There was a recent point in popular culture’s history where everyone and their dog was inexplicably obsessed with bacon. Bacon flavored chocolate, bacon scented air fresheners, and bacon plush toys flooded novelty shops, while bacon memes took over the internet. It seemed like all the cool kids were too busy professing their love for bacon to realize just how stupid they all were for finally recognizing something that’s been around since the freaking 1600s. I bring this up only because there seems to be a similar trend in the videogame industry when it comes to Role Playing Games. You can’t throw an indie developer at the Steam Greenlight page without them smacking face first into a game featuring “RPG elements”, and like the legacy of the aforementioned fried pig, the products of this new hype all taste a bit off. Rollers of the Realm, a pinball game touting an RPG twist, falls somewhere between the bacon-flavored toothpaste and bacon-scented deodorant, proving to be no more than a pig in a dress.
While most pinball games need no further plot development than “hit the ball with the bumper”, Rollers of the Realm attempts to weave in a fantasy tale set in your standard Middle-Earth world. Your main character, a little blonde girl with the most atrocious cockney accent since Dick van Dyke in Mary Poppins, travels through a series of maps sporting castle, forest, and town backdrops. Along the way, you encounter other playable characters (ten in all) who join your cause to overthrow groups of bandits and militiamen, and soon you’re accompanied by a healer, a drunk knight, a roguish hunter, and a handful of others. Most of these characters actually sound pretty interesting until you realize this is pinball and the only way to tell them apart is from the color of the ball they represent before chucking them onto the board.
The game itself plays like any other pinball experience on the market. You operate a couple flippers and attempt to hit certain targets and bumpers strewn about the map without having your ball fall into the dead zone. Along with smashing the ball left and right, you also have the very limited ability to steer your sphere, though this turned out to be more of a hassle than it was really worth. The roll and bounce physics are all very standard, but there’s no way to modulate how hard you hit the ball with the flippers so you’re stuck with either full steam ahead or nothing at all.
While the traditional goal of pinball in simpler times was to earn as high a score as possible, Rollers of the Realm attempts to switch things up with the first hint of an RPG quality. While you can earn gold and experience points by hitting random objects around the baord, most maps require you to defeat a handful of enemies before moving on to the next level. While the game parades this as some sort of fighting mechanic, all you’re really doing is bouncing into actual people with your ball until they get fed up enough by such a minor annoyance that they pass out in frustration. All I can think is that one day the developers came across an aggressive game of marbles on the playground and thought that’s how real-world conflicts were resolved.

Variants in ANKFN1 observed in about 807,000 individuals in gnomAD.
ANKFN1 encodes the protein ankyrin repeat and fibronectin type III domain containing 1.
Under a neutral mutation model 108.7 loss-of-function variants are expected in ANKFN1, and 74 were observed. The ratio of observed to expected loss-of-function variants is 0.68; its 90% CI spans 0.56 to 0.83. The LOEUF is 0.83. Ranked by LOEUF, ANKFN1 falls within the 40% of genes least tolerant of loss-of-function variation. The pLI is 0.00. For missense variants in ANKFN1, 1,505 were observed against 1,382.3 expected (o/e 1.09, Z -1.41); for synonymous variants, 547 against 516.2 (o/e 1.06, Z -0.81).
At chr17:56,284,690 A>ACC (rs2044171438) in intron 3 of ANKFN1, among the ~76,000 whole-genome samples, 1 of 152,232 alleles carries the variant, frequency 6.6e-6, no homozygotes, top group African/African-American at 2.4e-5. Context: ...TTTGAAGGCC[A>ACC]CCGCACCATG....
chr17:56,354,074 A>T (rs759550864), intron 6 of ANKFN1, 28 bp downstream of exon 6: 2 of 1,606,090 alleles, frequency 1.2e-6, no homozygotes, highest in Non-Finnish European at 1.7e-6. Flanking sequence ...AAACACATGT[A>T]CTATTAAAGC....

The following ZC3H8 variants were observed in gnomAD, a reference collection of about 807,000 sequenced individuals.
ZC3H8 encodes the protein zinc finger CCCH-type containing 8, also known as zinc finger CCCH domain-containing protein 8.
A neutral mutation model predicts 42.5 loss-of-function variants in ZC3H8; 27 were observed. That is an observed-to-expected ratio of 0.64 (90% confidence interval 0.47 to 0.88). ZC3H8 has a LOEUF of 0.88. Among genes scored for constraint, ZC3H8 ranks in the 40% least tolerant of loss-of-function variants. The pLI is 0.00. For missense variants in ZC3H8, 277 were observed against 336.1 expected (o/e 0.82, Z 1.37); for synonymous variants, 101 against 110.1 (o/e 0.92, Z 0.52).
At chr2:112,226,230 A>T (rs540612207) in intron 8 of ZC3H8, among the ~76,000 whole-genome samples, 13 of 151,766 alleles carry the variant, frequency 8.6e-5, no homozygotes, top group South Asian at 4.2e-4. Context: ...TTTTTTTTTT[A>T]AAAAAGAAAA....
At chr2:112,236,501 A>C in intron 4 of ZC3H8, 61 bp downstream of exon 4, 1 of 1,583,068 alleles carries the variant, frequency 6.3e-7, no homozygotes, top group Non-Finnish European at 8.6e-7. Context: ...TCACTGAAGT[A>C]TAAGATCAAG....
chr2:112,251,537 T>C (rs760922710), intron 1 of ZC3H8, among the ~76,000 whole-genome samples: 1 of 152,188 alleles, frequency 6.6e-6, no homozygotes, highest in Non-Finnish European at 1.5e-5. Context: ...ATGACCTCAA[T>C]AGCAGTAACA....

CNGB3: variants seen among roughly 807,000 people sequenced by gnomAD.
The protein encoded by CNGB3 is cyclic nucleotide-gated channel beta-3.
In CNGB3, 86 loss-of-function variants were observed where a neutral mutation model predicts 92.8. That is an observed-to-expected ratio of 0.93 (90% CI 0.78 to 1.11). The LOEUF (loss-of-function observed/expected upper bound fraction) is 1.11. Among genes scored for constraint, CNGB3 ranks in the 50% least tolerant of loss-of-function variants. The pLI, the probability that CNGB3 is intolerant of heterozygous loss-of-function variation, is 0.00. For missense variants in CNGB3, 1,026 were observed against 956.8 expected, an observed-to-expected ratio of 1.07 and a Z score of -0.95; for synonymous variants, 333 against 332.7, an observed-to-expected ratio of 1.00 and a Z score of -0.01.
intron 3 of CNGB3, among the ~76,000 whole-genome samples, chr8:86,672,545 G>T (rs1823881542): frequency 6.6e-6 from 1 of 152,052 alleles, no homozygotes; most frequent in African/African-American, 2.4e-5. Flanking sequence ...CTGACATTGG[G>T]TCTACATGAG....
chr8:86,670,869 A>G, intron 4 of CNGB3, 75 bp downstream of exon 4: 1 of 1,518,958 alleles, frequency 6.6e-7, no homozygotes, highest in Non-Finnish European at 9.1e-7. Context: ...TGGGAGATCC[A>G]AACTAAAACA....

So that it doesn’t look like a total liar with its pants on fire, Rollers of the Realm attempts to strap on a few more RPG elements (I’m starting to gag every time I have to say it) by implementing character development. Each ball, which again represents some hand drawn, hydrocephalic trope from the world of fantasy, has a set of traits and a special ability or two. The Knight ball is good at attacking, the Healer can repair flippers and revive dead balls, and the Hunter can shoot projectiles every few seconds. These stats and abilities can all be upgraded at the shop using gold collected in previous maps, but while this may sound like it works in theory, almost all of the abilities, save for the healer, are borderline useless. Along the same lines, the purchasable upgrades all balance the characters out when maxed, begging the question of why I would prefer one ball over the other. It’s completely unnecessary and only tries to fool you into thinking it’s a grown-up, big boy RPG that no longer wets the bed when played.
Perhaps the only thing ROTR has in common with actual RPGs is the fact that the difficulty curve resembles a vertical line. The game beats around the bush when it suggests that you may have to go back and replay a level or two for extra gold in order to buy more upgrades, but in truth this is absolutely necessary. The game goes from tutorial to hair-pulling madness in the span of a few levels, forcing you to backtrack and painstakingly grind for the next hour and a half to ensure you won’t have your spirit broken on upcoming challenges.
The graphics are what you’d expect of a pinball game, and while some of the maps are brightly colored and contain a few interesting set pieces, the grand majority of it all starts to look copy-pasted from earlier levels. The music, which will play for however long it takes you to finish the level, is about as horrible as the previously mentioned voice acting, so puncturing your ear drums is indeed a viable option when you find yourself stuck on the same map for more than three minutes.
Rollers of the Realm would have done just fine in my book if it had just set out to be exactly what it is: a pinball game. Throw aside all the character upgrades, plot twists, and “fighting”, and just give me a beautiful, Medieval-themed pinball machine and the chance to earn a million points. I know standing out in the dusty world of arcade games is hard, but there really are some things in this world that don’t need RPG elements (*gag*).